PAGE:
When you find an apartment that you want, you need to be prepared to jump on it fast or it will be snapped up by someone else. That means if you like the place you need to say “yes” on the spot and fill out an application immediately.
Of course, to do that, you need to have all your documents to support your application ready to go before you even show up to see the apartment.
Your letter of employment might not seem like a big deal—especially when you’re already providing your pay stubs, but it is crucial. Ideally your supervisor will include some language that indicates your job is stable and that you will be employed for the long-term.
Even though it is optional, it is a good idea if you’ve rented before to have a letter of recommendation from your previous landlord saying that you’re a good tenant who paid the rent on time and kept the apartment in good condition.
Another tip: If you have a pet, include a letter in your application package from your vet showing they are up to date on vaccinations. Include a cute photo too—you won’t go wrong there.
Your supporting documents will include:
- Last two pay stubs
- Photo ID
- Last three months of bank statements
- Last two years of tax returns
- Letter of employment on employer letterhead stating job title, length of employment, salary and expected bonus; or if self employed, a letter from your CPA
- Proof of any other funds (e.g. stocks, bonds, etc.)
- Previous landlord reference letter if applicable; and contact information for prior landlords
- Personal or business reference letters (sometimes required by co-ops and a bonus if you apply for a rental)
- Most of the above is needed from your guarantor if you will be using one
You'll need to pay an application and credit check fee. Under New York State's 2019 landmark rent reform laws, landlords can charge a maximum of $20 per prospective tenant. If you supply a copy of your own credit report pulled within the last 30 days, your landlord may waive the fee.
If you're approved, you'll need to hand over the first month’s rent, security deposit (capped at one month's rent by New York's 2019 rent reform—landlords can no longer ask for the first and last month’s rent in addition to a security deposit), and a broker’s fee by certified check from a New York bank
When it comes to your intiail funds, including the application fee, first month’s rent, broker’s fee, and security deposit, you will need hard funds in the way of a certified check, money order, or possibly an online credit card payment. No personal checks.
After your application is approved, the landlord will expect you to sign the lease and deliver the certified checks within a short time (e.g. 48 hours).
Things to look for in your lease
- Does your lease have an option to renew? If so, how far in advance do you have to claim your option to renew? How will rent increases be figured—by a fixed dollar amount, a percentage of the first year's rent, or cost of living increases?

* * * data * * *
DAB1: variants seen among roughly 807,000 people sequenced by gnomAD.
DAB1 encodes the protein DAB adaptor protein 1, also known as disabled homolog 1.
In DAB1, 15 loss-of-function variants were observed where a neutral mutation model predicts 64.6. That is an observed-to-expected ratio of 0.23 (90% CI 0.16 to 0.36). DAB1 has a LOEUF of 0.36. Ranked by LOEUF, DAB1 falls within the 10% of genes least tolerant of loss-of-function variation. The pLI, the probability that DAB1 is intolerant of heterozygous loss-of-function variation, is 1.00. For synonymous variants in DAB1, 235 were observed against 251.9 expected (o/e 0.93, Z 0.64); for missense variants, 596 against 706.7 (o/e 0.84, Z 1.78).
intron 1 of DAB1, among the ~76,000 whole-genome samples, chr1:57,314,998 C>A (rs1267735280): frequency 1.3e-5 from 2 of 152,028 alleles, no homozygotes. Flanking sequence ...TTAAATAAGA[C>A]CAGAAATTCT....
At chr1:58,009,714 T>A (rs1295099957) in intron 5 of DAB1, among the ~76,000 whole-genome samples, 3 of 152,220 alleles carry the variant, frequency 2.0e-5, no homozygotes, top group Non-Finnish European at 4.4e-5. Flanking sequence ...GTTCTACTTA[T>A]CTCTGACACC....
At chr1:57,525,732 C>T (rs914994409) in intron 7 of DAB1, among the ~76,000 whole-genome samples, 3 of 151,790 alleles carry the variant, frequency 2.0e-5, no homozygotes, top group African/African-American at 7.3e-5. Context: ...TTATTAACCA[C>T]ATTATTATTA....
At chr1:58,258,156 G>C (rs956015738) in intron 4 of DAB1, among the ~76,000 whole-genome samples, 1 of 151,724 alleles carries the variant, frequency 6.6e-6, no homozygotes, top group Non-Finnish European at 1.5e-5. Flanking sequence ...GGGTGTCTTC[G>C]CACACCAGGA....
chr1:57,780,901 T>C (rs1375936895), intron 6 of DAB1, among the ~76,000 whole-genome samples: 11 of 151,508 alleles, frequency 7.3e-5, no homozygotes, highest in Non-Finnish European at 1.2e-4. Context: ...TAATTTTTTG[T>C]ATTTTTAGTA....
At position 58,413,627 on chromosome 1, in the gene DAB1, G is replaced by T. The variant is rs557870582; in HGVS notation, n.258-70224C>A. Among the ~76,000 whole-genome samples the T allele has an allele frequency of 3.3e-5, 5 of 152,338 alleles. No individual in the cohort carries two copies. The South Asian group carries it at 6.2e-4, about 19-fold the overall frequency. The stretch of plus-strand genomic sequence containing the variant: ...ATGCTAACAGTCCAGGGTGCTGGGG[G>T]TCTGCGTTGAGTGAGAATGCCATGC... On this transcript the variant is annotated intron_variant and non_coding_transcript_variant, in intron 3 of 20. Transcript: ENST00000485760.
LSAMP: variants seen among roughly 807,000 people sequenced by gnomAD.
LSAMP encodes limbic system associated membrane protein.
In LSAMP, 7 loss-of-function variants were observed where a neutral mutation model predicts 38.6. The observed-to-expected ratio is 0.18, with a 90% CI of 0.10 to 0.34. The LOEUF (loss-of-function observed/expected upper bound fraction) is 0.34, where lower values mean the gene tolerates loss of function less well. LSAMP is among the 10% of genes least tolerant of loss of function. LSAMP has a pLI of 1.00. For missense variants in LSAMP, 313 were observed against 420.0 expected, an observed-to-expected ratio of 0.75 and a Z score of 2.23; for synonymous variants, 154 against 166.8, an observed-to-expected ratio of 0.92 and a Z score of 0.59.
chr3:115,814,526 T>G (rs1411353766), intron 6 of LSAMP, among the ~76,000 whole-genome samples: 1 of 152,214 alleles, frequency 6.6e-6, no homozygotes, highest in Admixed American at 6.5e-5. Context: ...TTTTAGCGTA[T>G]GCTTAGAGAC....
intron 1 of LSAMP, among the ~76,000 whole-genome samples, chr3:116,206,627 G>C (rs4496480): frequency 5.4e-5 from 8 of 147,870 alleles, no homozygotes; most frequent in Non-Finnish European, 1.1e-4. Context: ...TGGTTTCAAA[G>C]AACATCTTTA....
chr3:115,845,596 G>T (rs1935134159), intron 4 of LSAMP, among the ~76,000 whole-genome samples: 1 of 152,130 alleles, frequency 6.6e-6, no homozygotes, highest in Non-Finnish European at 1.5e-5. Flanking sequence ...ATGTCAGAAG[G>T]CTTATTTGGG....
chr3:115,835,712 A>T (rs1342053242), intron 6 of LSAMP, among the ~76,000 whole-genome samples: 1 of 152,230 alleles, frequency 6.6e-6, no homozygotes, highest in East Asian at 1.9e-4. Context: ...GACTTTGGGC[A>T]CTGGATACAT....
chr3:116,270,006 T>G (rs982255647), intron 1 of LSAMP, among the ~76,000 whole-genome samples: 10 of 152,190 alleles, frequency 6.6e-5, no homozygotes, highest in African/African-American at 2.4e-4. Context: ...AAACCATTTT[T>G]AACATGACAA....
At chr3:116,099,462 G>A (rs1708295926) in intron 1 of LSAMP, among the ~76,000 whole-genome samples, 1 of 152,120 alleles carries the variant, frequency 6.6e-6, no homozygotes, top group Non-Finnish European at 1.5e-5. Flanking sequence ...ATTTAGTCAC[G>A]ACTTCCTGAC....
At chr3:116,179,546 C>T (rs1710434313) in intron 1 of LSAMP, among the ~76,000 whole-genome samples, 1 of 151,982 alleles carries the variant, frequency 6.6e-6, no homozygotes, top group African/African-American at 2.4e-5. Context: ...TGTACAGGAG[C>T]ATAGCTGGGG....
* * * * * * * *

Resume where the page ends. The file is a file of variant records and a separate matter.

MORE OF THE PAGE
- Are any utilities included in the rent?
- Are pets allowed?
- Is there a restriction on the number of air conditioning units you may have?
- Is use of outdoor space specifically mentioned in the lease? If not, you won't be titled to a rent abatement if the space becomes unusable for any reason
- What is the sublet policy?
- What does the lease say about the landlord's right to show the apartment to tenants—how many days before the end of the lease can the landlord start showing it, are there any restrictions on time or days of week, who will be allowed to access and show the apartment, and whether you'll have to make the apartment available for open houses.
- If you are getting a free month or two rent as a rental concession, is the free month at the beginning or end of your lease? What happens if you need to break your lease? Do you know what the gross rent amount is (the amount you’ll actually need to pay each month)?
Ready, set, search!
Congratulations: You've made it all the way through Brick Underground's renter's guide, which means you have a basic understanding of what to expect as you navigate your way through the rental jungle of New York City.
Depending on the complexities of your search, your budget, or the speediness with which you need to find a place, you may want a good real estate agent by your side, one who can, for instance, find pet-friendly buildings, or roommate-friendly ones that will let you subdivide your space with a temporary wall, or landlords who may be flexible with guarantors, full-time students, international renters with no U.S. credit history, recent grads with a good job but no work history, or retirees with money but no job. The rental experts at Brick Underground partner Triplemint—a technology-enabled brokerage founded by a pair of Yale grads in response to the frustrating rental experiences of their classmates and colleagues—will do just that. Bonus: If you sign up here, you can take advantage of Triplemint's corporate relocation rate of 10 percent of a year's rent on open listings versus the typical 12-15 percent.